Diners who eat at the legendary Hawthorne are willing to pay top dollar for a multitude of reasons. First and foremost, the restaurant itself is located on a remote island, and every meal is sourced from the local flora and fauna. Secondly, the superstar chef who prepares every last bite uses his high cuisine not just to please the palate of his customers, but to tell them a story. From the harvesting methods to the cooking to the portions to the plating, not one iota of the experience is left to chance. Every variable is impeccably designed to tickle the tastebuds of the food connoisseur, while also providing them with literal food for thought.
Chef Julian Slowik (Ralph Fiennes) implores his guests not to eat, but rather to taste. When he asks a question of his staff, they respond with a hearty “Yes, Chef” in perfect unison. There are no menu alterations. There are no unfinished meals. There are no poor people.
At thousands of dollars per plate, only those perched on the upper rungs of the socioeconomic ladder have a hope of ever eating at Hawthorne, and even these folks of such advanced financial caliber may have to wait years to get a seat at the table. This is why Tyler (Nicholas Hoult) wants his first Hawthorne experience to be perfect. He’s a huge foodie, as well as a Slowik super fan. He even admonishes his date, Margot (Anya Taylor-Joy) for smoking a cigarette beforehand, indicating that doing so would dull her tastebuds to what is sure to be an incredible culinary experience.
The dining room is packed with a roster of characters, each from a different corner of high society. A washed-up actor and his publicist (John Leguizamo, Aimee Carrero), a food critic and her publisher (Janet McTeer, Paul Adelstein), a super rich pair of retirees (Judith Light, Reed Birney), and a trio of friends who could best be described as “finance bros” (Rob Yang, Arturo Castro, Mark St. Cyr).
As the diners begin their feast, their interactions give us an understanding of their varied, and often cringeworthy reasons for attending the meal, and as the contents of the meal take a more, shall we say, personal touch, they start to realize that Slowik’s menu has a much more sinister motivation than simple culinary pleasure.
To say more would be to betray the unceasingly clever script by Seth Reiss and Will Tracy, which holds as many surprising twists and turns as it does satirical stabs at a diverse variety of deserving targets. Yes, this could be described as an “eat the rich” piece, but the silver-spoon-up-the-ass crowd is only one segment of the meal. Also under the broiler is “Yes, Chef” culture in all of its excesses, as well as that of fine dining at large and heck, even capitalism itself (how often has a brilliant artist lost their way to a paycheck?). Beyond all of this, it drives home the value of keeping it real, no matter the social cost.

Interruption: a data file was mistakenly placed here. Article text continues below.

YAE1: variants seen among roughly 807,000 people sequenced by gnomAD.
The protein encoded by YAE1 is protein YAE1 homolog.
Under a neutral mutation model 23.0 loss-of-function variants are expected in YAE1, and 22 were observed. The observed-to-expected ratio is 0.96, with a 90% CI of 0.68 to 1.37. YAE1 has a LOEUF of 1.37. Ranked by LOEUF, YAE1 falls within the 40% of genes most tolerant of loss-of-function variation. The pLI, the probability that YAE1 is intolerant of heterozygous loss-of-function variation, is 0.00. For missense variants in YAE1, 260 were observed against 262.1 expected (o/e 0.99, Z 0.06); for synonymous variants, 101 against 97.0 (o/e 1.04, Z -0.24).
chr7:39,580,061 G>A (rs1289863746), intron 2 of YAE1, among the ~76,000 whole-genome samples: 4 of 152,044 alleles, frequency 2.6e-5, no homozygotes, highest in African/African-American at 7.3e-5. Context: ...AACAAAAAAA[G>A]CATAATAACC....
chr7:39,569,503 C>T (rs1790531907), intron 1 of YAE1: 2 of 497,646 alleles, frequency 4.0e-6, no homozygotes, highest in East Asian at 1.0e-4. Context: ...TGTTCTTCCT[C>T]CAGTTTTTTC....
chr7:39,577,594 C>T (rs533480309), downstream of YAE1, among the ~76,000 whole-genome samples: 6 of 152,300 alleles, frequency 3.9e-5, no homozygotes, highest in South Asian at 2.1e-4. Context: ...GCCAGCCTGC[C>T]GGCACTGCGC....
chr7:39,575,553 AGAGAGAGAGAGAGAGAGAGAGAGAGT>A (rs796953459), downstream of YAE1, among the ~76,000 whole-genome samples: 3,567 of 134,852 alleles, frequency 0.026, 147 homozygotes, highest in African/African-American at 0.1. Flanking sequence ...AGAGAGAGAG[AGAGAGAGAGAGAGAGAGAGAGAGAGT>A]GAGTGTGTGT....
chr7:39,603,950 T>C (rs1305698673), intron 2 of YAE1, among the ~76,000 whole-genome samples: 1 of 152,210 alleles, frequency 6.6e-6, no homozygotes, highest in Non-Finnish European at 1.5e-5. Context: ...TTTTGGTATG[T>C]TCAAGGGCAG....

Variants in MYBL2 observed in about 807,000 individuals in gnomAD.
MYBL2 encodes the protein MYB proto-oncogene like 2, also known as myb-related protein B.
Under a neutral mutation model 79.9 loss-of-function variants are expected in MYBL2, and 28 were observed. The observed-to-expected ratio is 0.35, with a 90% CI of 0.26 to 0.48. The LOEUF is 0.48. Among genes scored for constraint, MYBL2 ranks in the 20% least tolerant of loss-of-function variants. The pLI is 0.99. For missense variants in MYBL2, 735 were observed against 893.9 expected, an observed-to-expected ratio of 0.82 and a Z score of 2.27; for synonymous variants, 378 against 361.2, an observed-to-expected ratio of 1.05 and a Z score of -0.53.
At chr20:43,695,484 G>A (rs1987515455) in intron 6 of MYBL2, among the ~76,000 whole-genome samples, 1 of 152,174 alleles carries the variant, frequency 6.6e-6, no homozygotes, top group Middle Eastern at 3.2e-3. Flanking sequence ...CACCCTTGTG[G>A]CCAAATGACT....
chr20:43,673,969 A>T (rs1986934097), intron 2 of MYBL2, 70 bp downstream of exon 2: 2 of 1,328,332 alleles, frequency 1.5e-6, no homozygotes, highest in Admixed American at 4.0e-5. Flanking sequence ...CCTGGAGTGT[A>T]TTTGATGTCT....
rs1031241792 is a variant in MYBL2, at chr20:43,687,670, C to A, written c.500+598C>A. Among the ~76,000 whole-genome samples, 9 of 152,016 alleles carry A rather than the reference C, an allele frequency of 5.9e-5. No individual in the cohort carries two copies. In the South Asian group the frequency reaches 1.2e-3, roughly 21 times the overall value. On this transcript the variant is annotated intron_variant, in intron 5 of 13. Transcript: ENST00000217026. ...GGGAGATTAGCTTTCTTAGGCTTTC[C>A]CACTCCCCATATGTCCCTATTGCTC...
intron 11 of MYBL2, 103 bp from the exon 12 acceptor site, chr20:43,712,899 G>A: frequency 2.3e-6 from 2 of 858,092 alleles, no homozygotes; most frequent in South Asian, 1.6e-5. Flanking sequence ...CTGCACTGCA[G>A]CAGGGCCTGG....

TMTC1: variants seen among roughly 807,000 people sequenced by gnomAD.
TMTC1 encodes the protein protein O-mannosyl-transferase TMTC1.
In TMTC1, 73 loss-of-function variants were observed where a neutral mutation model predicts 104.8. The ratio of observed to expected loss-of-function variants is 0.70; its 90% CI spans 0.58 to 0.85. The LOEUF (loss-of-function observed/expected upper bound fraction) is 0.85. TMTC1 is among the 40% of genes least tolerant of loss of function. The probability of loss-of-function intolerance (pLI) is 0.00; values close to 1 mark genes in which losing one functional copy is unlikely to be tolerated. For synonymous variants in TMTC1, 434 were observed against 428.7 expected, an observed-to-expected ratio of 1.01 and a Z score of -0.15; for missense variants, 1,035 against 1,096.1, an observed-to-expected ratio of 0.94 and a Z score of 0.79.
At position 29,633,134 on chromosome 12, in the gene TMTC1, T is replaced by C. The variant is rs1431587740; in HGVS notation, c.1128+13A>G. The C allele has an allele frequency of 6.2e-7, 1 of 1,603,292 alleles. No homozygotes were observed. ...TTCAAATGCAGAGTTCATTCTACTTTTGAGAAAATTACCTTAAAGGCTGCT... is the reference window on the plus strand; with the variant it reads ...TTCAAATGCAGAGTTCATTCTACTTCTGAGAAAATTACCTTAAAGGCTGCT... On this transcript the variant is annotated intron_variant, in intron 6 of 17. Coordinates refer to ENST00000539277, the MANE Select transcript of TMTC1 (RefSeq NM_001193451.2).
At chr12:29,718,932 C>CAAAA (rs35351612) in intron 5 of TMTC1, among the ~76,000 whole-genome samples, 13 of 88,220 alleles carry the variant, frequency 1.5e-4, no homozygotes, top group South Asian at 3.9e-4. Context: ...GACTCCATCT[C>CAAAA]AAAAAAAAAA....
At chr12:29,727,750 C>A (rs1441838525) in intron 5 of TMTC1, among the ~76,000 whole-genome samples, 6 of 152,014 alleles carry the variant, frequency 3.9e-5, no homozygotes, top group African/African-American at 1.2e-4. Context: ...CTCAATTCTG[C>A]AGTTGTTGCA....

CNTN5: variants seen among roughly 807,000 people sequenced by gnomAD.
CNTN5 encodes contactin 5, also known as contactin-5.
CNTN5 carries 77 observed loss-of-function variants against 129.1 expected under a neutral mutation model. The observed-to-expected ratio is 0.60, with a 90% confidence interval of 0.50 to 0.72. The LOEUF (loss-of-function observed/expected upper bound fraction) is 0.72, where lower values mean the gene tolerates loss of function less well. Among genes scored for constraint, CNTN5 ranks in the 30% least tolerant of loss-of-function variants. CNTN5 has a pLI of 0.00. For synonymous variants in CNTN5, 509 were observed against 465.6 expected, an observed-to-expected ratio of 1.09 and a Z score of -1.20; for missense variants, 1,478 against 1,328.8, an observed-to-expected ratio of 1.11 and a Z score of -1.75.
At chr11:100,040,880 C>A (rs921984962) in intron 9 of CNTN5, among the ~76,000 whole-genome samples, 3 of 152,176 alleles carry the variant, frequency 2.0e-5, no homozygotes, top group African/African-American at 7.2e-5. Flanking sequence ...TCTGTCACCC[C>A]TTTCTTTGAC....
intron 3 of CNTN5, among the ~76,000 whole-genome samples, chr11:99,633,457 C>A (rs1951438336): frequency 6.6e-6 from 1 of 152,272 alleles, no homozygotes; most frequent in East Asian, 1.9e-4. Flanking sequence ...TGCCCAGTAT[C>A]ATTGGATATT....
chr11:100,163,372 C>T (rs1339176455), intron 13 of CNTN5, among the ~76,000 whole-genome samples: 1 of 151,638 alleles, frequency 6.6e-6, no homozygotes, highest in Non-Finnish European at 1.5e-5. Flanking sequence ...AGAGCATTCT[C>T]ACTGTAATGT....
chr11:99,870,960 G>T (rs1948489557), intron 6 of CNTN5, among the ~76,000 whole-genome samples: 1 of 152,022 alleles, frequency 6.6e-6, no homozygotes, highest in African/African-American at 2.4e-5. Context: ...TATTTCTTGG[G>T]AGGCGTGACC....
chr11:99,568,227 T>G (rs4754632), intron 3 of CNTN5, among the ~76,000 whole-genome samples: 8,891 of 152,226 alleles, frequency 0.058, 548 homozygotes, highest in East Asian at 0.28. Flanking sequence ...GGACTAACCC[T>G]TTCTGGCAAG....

Director Mark Mylod makes the most out of what is essentially a single location, making it feel alternately lavish and suffocating as the plot moves through its cruel, labyrinthine machinations. This is broken up by a very funny series of title cards, each showcasing a course, complete with lists of ingredients, each with a winking nod to the plot. Yes, title cards are often overused these days, but it works nicely for the structure of The Menu — it makes it feel like, well, a menu.
The humor is pitch black throughout, and often rather cruel, just as it should be. The cast of diners bring color to the humor, but it’s all anchored by Fiennes, who manages to make his Slowik alternately cocksure and damaged — even pitiable — which is essential in making his character more than just a villain. His approach to the humor isn’t dry so much as it’s seared on the outside to keep the juices from leaking out (yay, cooking puns). Our audience surrogates are Margot and Tyler, but the story is about Slowik, which would probably make him proud if he were a real life chef (in which case he would have forearm tattoos, which he does not).
Also notable is the extremely dry, absolutely no-nonsense host Elsa (Hong Chau) who acts as the human barrier between the exalted chef and his patrons. Hers is a full-bodied performance from which as much humor is drawn as suspense. For a minor movie, Chau gives one of the finer performances of the year. Very well done.
The Menu is a cleanly-staged thriller that cleverly utilizes familiar imagery to regularly surprise the viewer without feeling like a novelty. It’s got a delicious mean streak and enough satirical flavor to play its relative shagginess to its advantage. To borrow another bit of food parlance, I’d say it pairs well with something like Pig or The Belko Experiment. Overall, it might not be the finest piece of filet, but it’s a damn good cheeseburger, and sometimes that’s what hits the spot.
Directed by Mark Mylod
Written by Seth Reiss, Will Tracy
Starring Anya Taylor-Joy, Nicholas Hoult, Ralph Fiennes, Hong Chau
Rated R, 106 minutes